2022 CSDMS meeting-044
Marsh deposition has a first-order control on channel properties and kinematics in an experimental river delta
Kelly Sanks, (she/her),Tulane University New Orleans Louisiana, United States. email@example.com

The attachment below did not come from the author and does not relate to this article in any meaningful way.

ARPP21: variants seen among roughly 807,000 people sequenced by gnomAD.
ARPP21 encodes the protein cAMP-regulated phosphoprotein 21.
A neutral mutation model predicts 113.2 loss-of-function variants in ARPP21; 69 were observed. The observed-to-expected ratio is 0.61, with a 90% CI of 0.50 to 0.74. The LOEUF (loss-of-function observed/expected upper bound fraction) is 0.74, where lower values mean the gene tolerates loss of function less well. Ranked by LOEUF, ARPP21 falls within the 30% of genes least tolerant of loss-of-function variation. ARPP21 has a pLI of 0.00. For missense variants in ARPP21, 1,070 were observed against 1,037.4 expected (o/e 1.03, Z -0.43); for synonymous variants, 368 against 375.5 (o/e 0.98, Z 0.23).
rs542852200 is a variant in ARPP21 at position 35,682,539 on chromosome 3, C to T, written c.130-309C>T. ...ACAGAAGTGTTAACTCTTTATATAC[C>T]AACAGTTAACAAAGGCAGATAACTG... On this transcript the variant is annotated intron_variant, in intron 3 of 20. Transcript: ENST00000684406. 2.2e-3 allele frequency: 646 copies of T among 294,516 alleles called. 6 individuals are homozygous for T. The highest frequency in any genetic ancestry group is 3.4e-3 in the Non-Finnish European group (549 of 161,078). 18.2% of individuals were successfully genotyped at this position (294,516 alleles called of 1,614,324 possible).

Low-lying regions of river deltas (marshes, swamps, and tidal flats) are an important part of the delta life cycle. Marsh sedimentation is characterized by non-riverine, low-bulk density material, and interacts with the riverine sediment delivered by distributary channel networks. These two forms of sedimentation interact to produce the channel properties and kinematics observed in the system. Here, we aim to understand this interaction by comparing two physical delta experiments, one with marsh deposition (treatment) and one without (control). We show that the addition of the marsh proxy (kaolinite) alters the channel properties and kinematics of a river delta. Notably, the channels are longer in the treatment experiment and the shoreline roughness is enhanced. The treatment channels have the same width from the entrance to the shoreline, while the control channels get narrower as they approach the shore. Flow is concentrated in the channels in the treatment experiment, as it has about one-fourth the amount of overbank flow as the control experiment. Interestingly, the channel beds in the treatment experiment often exist below sea level in the aerial portion of the delta top, a phenomena observed in global deltas. However, in the control experiment, the channel beds generally exist above relative sea level. The channels in the treatment experiment have a slope break, on average, which is also seen in some global deltaic rivers (e.g., Mississippi River Delta). The difference in channel properties created by the addition of the marsh proxy in the overbank region helps offset the channel bed aggradation rates in the treatment experiment, as the overbank region aggrades faster (relative to the channel) than in the control. This difference in in-channel and far-field aggradation shows a longer channel in-filling time for the treatment as compared to the control. Although the lateral channel mobility statistics are similar in both experiments, there is more area on the delta top in the treatment experiment that is rarely visited by a channel. This suggests that the marsh proxy may buttress the channels in the treatment experiment. Ultimately, marsh sedimentation on the delta top plays a key role in the channel properties and kinematics of a river delta, producing channels which are more analogous to channels in global river deltas, and which cannot be produced solely by increasing cohesion in an experimental river delta.